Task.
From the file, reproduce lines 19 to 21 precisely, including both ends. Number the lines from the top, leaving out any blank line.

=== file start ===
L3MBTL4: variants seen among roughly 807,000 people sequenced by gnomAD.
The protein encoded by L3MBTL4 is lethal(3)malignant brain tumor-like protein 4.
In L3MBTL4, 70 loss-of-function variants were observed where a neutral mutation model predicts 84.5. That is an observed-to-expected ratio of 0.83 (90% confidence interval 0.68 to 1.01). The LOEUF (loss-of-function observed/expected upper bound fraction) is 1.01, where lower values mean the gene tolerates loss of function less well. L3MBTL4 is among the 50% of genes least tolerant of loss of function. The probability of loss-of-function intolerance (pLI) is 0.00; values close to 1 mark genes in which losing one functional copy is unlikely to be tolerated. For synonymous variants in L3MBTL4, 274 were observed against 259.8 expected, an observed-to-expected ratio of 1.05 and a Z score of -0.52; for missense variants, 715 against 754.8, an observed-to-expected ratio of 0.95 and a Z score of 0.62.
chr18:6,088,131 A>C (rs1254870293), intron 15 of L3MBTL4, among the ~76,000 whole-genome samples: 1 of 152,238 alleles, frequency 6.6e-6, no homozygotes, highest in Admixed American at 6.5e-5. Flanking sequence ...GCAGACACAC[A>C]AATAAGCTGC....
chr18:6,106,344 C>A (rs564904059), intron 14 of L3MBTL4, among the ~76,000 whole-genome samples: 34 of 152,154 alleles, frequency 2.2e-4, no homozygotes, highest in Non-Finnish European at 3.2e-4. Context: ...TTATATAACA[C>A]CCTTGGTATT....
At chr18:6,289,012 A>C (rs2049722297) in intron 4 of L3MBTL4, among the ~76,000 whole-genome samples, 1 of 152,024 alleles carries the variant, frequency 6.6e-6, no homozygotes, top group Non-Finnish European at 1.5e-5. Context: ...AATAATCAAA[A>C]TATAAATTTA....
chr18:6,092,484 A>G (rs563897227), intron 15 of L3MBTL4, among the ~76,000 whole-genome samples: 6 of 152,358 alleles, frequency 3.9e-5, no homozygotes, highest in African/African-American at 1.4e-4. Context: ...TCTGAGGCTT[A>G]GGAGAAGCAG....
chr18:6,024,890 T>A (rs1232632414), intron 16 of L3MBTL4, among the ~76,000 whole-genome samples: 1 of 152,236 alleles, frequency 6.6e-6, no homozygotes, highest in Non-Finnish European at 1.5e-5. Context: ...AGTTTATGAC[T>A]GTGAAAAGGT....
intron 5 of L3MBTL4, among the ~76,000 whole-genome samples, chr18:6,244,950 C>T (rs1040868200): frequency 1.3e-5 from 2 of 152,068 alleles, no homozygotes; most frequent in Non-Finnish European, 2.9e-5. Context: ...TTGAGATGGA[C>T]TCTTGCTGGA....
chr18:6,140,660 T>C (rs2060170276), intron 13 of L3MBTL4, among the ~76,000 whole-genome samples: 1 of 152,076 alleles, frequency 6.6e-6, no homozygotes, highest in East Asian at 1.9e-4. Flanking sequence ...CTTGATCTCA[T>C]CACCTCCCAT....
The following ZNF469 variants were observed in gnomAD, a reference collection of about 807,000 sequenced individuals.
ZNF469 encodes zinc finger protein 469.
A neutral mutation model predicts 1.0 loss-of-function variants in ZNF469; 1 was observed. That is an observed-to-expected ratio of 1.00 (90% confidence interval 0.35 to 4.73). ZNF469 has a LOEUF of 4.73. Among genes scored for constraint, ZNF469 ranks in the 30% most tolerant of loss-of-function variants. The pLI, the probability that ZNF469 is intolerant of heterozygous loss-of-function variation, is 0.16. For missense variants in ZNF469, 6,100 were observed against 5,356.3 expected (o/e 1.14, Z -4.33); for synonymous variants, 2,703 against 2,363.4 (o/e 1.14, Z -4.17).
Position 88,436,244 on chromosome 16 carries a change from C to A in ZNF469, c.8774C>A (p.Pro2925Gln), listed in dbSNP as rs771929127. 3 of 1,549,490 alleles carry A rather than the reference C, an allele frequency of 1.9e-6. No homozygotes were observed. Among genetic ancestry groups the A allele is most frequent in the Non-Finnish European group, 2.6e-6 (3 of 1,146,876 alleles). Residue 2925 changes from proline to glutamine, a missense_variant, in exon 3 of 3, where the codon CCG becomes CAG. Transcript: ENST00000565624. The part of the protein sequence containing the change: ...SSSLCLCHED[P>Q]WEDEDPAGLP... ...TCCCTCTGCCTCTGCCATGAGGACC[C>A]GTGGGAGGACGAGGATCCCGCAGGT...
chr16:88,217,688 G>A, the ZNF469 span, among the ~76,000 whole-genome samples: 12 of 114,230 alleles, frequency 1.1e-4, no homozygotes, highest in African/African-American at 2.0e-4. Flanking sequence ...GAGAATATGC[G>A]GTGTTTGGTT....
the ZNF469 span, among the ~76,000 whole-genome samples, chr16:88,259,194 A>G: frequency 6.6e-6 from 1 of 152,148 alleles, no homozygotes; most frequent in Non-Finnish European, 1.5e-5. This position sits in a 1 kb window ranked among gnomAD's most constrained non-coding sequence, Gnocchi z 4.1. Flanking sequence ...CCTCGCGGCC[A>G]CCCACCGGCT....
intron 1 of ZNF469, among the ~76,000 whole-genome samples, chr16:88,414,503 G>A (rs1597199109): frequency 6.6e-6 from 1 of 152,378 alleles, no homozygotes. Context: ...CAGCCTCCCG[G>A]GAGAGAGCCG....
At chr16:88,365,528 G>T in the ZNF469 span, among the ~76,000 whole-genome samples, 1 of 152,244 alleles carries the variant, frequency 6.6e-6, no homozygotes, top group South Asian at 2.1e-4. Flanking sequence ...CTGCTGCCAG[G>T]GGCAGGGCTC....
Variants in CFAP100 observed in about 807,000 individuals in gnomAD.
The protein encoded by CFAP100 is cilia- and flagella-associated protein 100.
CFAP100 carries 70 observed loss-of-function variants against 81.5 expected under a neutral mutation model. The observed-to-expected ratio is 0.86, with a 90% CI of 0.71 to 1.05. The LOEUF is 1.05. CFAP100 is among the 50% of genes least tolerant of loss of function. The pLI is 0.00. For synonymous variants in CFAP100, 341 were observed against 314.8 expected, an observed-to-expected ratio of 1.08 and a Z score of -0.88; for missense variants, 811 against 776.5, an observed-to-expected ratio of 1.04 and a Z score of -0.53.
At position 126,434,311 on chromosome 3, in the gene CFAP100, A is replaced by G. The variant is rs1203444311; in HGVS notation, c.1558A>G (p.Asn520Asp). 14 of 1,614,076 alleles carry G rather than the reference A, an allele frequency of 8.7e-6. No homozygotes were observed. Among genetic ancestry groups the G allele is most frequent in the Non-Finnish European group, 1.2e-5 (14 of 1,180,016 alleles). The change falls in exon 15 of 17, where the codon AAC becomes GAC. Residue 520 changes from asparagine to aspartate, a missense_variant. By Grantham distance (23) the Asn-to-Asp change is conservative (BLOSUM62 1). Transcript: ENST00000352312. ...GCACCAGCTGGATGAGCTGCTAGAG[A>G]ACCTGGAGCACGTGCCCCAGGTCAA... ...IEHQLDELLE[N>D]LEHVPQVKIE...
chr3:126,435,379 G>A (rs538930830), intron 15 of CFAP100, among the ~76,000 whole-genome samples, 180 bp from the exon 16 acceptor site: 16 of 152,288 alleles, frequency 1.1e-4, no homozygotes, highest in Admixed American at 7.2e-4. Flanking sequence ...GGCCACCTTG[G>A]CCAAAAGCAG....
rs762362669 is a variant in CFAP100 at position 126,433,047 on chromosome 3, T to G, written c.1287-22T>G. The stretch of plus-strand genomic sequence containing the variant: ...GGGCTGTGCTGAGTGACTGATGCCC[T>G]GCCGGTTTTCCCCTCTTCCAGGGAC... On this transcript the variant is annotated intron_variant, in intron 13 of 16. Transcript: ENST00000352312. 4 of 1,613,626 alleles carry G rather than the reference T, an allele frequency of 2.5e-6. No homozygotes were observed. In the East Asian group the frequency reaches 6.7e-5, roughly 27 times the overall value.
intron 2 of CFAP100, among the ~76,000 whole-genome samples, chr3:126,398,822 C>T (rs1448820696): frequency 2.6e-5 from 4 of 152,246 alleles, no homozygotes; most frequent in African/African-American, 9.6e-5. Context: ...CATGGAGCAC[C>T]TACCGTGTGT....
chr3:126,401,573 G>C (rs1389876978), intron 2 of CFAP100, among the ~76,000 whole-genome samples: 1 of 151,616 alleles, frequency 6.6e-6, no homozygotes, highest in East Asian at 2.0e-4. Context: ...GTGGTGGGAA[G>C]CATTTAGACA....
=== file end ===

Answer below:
Variants in CFAP100 observed in about 807,000 individuals in gnomAD.
The protein encoded by CFAP100 is cilia- and flagella-associated protein 100.
CFAP100 carries 70 observed loss-of-function variants against 81.5 expected under a neutral mutation model. The observed-to-expected ratio is 0.86, with a 90% CI of 0.71 to 1.05. The LOEUF is 1.05. CFAP100 is among the 50% of genes least tolerant of loss of function. The pLI is 0.00. For synonymous variants in CFAP100, 341 were observed against 314.8 expected, an observed-to-expected ratio of 1.08 and a Z score of -0.88; for missense variants, 811 against 776.5, an observed-to-expected ratio of 1.04 and a Z score of -0.53.